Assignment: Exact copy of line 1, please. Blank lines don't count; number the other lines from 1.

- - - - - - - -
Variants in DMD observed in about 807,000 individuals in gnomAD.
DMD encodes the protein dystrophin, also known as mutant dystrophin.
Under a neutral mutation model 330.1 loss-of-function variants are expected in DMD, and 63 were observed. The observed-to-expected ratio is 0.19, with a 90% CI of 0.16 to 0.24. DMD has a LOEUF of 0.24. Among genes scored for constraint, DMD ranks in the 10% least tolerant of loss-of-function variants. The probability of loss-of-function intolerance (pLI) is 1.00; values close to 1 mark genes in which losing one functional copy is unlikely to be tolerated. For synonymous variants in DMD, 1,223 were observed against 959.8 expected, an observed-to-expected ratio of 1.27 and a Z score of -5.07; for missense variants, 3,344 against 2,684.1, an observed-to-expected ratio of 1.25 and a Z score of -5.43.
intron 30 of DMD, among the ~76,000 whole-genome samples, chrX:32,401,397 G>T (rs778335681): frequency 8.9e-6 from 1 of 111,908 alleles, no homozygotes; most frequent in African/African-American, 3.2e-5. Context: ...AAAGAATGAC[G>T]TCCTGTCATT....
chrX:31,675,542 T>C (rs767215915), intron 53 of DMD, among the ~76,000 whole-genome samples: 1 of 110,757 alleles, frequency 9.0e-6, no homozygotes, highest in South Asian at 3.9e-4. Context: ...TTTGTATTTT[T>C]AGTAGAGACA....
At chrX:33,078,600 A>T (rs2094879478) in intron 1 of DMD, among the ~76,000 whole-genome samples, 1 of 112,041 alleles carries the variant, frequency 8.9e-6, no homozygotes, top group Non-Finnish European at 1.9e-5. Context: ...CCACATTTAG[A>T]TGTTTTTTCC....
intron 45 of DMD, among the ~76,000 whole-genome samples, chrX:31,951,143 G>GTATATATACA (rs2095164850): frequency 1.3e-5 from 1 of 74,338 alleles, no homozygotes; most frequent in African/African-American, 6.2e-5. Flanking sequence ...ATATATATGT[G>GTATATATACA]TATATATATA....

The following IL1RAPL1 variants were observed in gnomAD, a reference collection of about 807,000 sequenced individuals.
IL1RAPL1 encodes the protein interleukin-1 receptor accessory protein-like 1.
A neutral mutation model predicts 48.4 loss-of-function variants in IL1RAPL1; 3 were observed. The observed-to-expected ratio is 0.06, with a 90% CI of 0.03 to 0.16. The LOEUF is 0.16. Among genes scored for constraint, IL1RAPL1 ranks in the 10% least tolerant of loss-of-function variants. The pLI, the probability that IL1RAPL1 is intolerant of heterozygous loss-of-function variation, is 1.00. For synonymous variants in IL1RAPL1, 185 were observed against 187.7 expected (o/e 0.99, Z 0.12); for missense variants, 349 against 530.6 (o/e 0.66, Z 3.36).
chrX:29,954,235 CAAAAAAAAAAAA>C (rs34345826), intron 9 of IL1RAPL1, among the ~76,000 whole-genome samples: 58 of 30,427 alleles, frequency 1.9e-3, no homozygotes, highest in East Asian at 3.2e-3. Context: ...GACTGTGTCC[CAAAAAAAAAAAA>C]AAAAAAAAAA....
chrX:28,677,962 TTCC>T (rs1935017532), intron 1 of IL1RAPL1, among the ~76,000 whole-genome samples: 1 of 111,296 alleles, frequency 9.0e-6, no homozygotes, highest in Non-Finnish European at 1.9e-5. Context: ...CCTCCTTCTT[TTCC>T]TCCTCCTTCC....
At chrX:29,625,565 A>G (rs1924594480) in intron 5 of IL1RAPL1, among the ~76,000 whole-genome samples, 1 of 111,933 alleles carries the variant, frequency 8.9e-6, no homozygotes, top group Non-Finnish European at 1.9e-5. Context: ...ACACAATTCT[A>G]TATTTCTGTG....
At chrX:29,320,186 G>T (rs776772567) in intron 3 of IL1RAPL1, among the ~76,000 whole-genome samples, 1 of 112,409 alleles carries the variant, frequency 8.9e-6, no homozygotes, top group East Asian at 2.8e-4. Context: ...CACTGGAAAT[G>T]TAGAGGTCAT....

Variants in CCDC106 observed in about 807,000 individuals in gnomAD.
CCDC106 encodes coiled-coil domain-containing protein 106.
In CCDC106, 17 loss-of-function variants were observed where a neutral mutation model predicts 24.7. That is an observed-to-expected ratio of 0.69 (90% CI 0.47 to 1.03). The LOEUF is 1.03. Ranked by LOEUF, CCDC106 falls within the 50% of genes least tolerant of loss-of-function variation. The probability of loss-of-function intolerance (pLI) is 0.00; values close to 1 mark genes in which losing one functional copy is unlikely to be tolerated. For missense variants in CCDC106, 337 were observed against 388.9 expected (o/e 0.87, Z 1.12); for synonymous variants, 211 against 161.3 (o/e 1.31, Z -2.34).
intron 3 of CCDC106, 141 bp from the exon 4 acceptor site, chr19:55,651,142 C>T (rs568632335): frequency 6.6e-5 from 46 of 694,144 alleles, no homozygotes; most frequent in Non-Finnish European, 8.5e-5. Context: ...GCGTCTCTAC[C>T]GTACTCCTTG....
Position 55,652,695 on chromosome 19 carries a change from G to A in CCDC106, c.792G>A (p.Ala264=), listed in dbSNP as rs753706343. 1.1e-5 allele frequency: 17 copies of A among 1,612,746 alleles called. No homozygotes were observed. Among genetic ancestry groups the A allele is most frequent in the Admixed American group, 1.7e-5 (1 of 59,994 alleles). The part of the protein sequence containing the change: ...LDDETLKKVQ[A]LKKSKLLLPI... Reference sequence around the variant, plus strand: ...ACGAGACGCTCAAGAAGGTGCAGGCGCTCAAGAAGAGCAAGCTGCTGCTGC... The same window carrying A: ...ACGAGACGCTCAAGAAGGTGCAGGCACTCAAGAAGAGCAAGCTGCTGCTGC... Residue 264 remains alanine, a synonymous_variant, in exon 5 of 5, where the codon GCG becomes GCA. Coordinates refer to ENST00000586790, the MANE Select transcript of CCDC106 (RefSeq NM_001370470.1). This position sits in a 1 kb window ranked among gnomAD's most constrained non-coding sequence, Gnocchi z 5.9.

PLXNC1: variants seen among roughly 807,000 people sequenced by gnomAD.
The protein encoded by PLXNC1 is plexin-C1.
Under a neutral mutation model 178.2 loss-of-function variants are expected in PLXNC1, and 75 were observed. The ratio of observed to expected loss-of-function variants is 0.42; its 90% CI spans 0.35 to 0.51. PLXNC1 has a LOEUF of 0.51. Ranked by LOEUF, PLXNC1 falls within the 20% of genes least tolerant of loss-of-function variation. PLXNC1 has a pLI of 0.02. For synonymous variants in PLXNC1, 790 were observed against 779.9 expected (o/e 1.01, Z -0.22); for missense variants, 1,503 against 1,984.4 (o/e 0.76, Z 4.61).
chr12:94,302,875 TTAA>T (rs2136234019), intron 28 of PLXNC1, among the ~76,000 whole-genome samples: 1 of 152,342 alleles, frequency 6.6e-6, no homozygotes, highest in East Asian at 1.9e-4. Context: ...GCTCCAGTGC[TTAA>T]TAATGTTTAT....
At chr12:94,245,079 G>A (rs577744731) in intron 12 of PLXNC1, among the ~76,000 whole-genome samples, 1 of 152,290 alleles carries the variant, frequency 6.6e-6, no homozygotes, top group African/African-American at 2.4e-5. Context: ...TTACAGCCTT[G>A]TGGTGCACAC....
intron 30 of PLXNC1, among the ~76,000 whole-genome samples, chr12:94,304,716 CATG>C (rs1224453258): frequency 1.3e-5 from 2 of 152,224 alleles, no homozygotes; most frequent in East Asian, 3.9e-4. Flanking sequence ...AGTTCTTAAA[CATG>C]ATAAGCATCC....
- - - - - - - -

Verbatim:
Variants in DMD observed in about 807,000 individuals in gnomAD.